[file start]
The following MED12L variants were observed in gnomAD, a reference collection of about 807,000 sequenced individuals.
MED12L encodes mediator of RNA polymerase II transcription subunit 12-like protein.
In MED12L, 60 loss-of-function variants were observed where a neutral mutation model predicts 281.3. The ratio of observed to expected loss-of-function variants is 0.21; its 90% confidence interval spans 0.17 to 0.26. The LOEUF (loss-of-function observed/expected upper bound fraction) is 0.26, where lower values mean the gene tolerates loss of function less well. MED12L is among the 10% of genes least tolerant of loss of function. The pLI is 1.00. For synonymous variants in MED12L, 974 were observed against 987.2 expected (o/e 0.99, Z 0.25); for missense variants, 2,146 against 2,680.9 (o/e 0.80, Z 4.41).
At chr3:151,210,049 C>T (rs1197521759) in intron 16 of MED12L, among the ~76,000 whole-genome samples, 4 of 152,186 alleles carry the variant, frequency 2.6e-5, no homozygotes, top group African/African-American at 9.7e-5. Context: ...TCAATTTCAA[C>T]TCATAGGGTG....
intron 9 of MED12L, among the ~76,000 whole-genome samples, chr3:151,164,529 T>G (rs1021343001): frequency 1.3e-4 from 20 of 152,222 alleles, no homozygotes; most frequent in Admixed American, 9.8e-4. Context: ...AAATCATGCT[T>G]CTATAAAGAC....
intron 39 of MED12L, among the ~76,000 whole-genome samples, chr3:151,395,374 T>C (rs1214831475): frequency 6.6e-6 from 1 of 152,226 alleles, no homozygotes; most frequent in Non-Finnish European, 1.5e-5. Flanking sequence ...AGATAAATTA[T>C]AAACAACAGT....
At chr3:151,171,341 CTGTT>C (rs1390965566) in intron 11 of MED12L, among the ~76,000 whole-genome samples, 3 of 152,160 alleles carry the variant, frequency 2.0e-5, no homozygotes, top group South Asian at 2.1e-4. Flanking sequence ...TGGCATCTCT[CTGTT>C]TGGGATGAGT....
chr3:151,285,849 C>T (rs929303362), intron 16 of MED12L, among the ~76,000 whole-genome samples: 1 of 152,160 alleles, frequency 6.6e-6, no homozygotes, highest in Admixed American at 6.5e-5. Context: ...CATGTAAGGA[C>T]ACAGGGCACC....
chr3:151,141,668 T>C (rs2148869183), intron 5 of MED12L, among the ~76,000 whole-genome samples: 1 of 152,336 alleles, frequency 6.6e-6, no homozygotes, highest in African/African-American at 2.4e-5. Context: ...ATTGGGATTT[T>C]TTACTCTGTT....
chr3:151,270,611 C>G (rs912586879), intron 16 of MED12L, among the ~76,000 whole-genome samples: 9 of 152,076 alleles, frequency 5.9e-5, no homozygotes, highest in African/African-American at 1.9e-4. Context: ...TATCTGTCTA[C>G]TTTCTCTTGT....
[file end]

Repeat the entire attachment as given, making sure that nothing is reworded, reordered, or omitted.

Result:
The following MED12L variants were observed in gnomAD, a reference collection of about 807,000 sequenced individuals.
MED12L encodes mediator of RNA polymerase II transcription subunit 12-like protein.
In MED12L, 60 loss-of-function variants were observed where a neutral mutation model predicts 281.3. The ratio of observed to expected loss-of-function variants is 0.21; its 90% confidence interval spans 0.17 to 0.26. The LOEUF (loss-of-function observed/expected upper bound fraction) is 0.26, where lower values mean the gene tolerates loss of function less well. MED12L is among the 10% of genes least tolerant of loss of function. The pLI is 1.00. For synonymous variants in MED12L, 974 were observed against 987.2 expected (o/e 0.99, Z 0.25); for missense variants, 2,146 against 2,680.9 (o/e 0.80, Z 4.41).
At chr3:151,210,049 C>T (rs1197521759) in intron 16 of MED12L, among the ~76,000 whole-genome samples, 4 of 152,186 alleles carry the variant, frequency 2.6e-5, no homozygotes, top group African/African-American at 9.7e-5. Context: ...TCAATTTCAA[C>T]TCATAGGGTG....
intron 9 of MED12L, among the ~76,000 whole-genome samples, chr3:151,164,529 T>G (rs1021343001): frequency 1.3e-4 from 20 of 152,222 alleles, no homozygotes; most frequent in Admixed American, 9.8e-4. Context: ...AAATCATGCT[T>G]CTATAAAGAC....
intron 39 of MED12L, among the ~76,000 whole-genome samples, chr3:151,395,374 T>C (rs1214831475): frequency 6.6e-6 from 1 of 152,226 alleles, no homozygotes; most frequent in Non-Finnish European, 1.5e-5. Flanking sequence ...AGATAAATTA[T>C]AAACAACAGT....
At chr3:151,171,341 CTGTT>C (rs1390965566) in intron 11 of MED12L, among the ~76,000 whole-genome samples, 3 of 152,160 alleles carry the variant, frequency 2.0e-5, no homozygotes, top group South Asian at 2.1e-4. Flanking sequence ...TGGCATCTCT[CTGTT>C]TGGGATGAGT....
chr3:151,285,849 C>T (rs929303362), intron 16 of MED12L, among the ~76,000 whole-genome samples: 1 of 152,160 alleles, frequency 6.6e-6, no homozygotes, highest in Admixed American at 6.5e-5. Context: ...CATGTAAGGA[C>T]ACAGGGCACC....
chr3:151,141,668 T>C (rs2148869183), intron 5 of MED12L, among the ~76,000 whole-genome samples: 1 of 152,336 alleles, frequency 6.6e-6, no homozygotes, highest in African/African-American at 2.4e-5. Context: ...ATTGGGATTT[T>C]TTACTCTGTT....
chr3:151,270,611 C>G (rs912586879), intron 16 of MED12L, among the ~76,000 whole-genome samples: 9 of 152,076 alleles, frequency 5.9e-5, no homozygotes, highest in African/African-American at 1.9e-4. Context: ...TATCTGTCTA[C>G]TTTCTCTTGT....